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The erection of new buildings at Leeds University provided an opportunity for examining the behaviour of the building frame under load. Stress reductions in the steel frame due to concrete encasement were demonstrated by the work done at the Building Research Station and at Leeds University. The ‘composite’ behaviour of beams, floors and walls has been well covered both theoretically and experimentally in the above mentioned works. On the other hand, the behaviour of the encased columns has been less widely covered. This paper investigates the behaviour of the steel column not only as part of the framework but also as a separate unit. The tests carried out in both the field and the laboratory show beyond doubt that the design practice of the encased column needs serious revision on account of the very low stresses observed under working loads and of the relatively high loads that an encased column can carry when tested to failure. The very low stresses in steel under working load were explained by the use of the ordinary elastic theory of reinforced concrete. The laboratory tests up to failure showed that the use of the reduction coefficients based on the buckling formula given in BS 449 (1948 and 1959) gave very conservative results. It can be shown that closer agreement between calculated and actual failing loads can be obtained by using coefficients based on the buckling formula used in reinforced concrete design.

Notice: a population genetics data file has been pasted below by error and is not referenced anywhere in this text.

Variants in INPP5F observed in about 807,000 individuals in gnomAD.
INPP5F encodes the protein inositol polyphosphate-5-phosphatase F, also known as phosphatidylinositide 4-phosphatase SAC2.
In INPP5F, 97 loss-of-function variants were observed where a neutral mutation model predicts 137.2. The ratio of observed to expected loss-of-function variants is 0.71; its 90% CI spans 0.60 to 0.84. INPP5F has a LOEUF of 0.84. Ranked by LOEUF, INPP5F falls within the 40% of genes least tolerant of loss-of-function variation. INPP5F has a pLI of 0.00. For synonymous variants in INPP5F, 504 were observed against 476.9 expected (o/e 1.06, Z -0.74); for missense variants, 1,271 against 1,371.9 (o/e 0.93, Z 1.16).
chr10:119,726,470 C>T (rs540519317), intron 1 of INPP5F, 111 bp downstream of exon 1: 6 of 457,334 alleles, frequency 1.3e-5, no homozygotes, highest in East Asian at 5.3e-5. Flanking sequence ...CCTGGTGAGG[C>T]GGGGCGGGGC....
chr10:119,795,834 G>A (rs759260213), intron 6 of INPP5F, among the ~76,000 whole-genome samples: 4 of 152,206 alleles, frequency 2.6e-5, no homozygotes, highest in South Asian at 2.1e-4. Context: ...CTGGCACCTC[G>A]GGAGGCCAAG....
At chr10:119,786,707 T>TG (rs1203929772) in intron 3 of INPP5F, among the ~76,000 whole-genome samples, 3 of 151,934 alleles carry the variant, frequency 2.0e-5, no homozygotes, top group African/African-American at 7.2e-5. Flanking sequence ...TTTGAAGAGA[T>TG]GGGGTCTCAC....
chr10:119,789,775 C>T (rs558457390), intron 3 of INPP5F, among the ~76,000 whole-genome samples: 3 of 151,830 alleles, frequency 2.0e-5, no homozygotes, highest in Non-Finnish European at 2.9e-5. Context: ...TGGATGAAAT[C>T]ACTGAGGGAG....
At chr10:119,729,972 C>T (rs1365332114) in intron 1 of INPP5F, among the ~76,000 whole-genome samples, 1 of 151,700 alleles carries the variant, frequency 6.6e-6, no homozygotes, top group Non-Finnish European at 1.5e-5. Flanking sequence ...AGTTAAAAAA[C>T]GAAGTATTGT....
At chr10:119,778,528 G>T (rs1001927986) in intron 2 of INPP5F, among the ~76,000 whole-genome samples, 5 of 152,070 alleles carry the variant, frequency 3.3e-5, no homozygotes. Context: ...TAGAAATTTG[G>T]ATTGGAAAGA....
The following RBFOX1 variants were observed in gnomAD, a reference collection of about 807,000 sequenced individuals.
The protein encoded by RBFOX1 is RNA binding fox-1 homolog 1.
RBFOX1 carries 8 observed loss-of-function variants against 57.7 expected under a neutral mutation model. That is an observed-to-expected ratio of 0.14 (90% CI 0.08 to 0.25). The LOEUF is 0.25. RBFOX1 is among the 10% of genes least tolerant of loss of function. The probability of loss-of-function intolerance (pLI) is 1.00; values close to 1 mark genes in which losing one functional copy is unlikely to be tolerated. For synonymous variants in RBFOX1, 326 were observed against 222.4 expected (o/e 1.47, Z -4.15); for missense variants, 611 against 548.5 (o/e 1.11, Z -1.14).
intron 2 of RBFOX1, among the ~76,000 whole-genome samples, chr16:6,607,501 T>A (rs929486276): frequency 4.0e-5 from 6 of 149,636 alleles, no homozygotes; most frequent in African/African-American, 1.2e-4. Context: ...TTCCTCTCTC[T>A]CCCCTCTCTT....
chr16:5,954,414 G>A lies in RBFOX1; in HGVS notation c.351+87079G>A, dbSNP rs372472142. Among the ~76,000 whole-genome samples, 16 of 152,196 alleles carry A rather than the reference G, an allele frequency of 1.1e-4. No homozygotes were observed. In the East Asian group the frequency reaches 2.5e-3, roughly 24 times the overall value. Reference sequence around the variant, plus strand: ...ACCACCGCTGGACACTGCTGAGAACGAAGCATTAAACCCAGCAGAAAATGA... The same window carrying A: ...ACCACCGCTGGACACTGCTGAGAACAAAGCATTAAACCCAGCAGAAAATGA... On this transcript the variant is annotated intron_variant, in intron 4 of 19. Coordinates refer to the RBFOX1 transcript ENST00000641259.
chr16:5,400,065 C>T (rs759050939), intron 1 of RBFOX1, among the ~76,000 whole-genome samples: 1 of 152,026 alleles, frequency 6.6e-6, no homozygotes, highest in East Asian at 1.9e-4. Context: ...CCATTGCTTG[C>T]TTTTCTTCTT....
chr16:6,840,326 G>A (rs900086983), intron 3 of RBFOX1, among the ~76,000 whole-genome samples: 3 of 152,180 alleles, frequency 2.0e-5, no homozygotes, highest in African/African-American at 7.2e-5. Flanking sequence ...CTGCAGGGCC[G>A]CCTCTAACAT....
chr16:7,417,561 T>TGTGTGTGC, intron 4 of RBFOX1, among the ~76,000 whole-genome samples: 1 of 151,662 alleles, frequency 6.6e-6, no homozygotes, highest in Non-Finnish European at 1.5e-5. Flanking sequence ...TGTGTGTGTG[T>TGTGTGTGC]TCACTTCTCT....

Professor Royston Jones
FROM THE TIME when men first ventured to use the sea as a means of communication, safe harbours have been as necessary as sound ships. At first, safe havens were used whenever nature provided them, the minimum requirement being shelter and ease of access with, if possible, convenient beaches to haul small craft out of the water.
J. P. M. PANNELL
FOR A COUNTRY to remain prosperous and maintain a rising standard of living, steadily increasing efficiency in the whole national output is necessary; this is equally true of a profession and trade.
F. M. BOWEN